So please, do not ask me why I have not released this yet. I am acutely aware of all that I have done so far, all that I have not released versus all that I want to build, and this is incredibly difficult in so many ways. Please, trust me.


Aside 60: Ludicrous Mech Games

I was recently reminded of the classic third-person shooter Lost Planet and its hilariously overblown mech sections. I replayed it but had no new thoughts to add to my original review; it’s beautifully optimised, hilariously explosive fun, but suffers from low manoeuvrability. Maybe one thought — I do really love its vehicle art style, which is a perfect blend of rule-of-cool design features and plausible industrial sci-fi (i.e. what I’m aiming for).

Then that put me in mind of Shogo: Mobile Armor Division (spelling aside), another game with overblown giant mech action mixed with on-foot meanderings. I didn’t have any new thoughts about that either, but I had a total blast replaying it — the mech levels are pretty much the best thing since sliced bread.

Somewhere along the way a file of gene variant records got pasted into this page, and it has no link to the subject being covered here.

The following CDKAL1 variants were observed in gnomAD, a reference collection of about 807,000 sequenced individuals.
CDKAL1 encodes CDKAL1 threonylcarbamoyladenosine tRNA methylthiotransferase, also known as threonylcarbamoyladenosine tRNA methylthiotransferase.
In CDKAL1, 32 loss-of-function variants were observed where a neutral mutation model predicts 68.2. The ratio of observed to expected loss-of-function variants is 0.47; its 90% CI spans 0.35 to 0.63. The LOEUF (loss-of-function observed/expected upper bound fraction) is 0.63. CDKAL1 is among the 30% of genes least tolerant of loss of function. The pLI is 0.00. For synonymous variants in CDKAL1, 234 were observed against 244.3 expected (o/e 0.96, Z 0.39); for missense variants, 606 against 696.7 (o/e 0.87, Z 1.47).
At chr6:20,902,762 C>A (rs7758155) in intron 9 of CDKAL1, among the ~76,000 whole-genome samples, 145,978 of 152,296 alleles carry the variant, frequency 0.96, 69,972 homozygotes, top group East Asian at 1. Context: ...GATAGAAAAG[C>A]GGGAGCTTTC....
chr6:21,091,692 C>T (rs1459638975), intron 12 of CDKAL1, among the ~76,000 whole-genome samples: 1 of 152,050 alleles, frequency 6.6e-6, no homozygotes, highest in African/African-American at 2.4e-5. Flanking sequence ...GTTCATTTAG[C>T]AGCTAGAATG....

Basically, I want more of this — so does anybody have any recommendations for other “ludicrous mech games” that I might enjoy? Not simulation-heavy MechWarrior-likes, but silly, large-scale, over-the-top first/third-person shooters. Mmmm.


Aside 59: The Shape and the Power of the Voice

So I finally bought myself a proper microphone, a half-decent mid-range one with a good balance of affordability, versatility, n00b-friendliness and recording quality. This is most likely an investment in being able to do high-quality announcer voices for my game, but according to the manual it’s good for pretty much anything — voices, musical instruments, sound effects and more — so who knows where it’ll end up?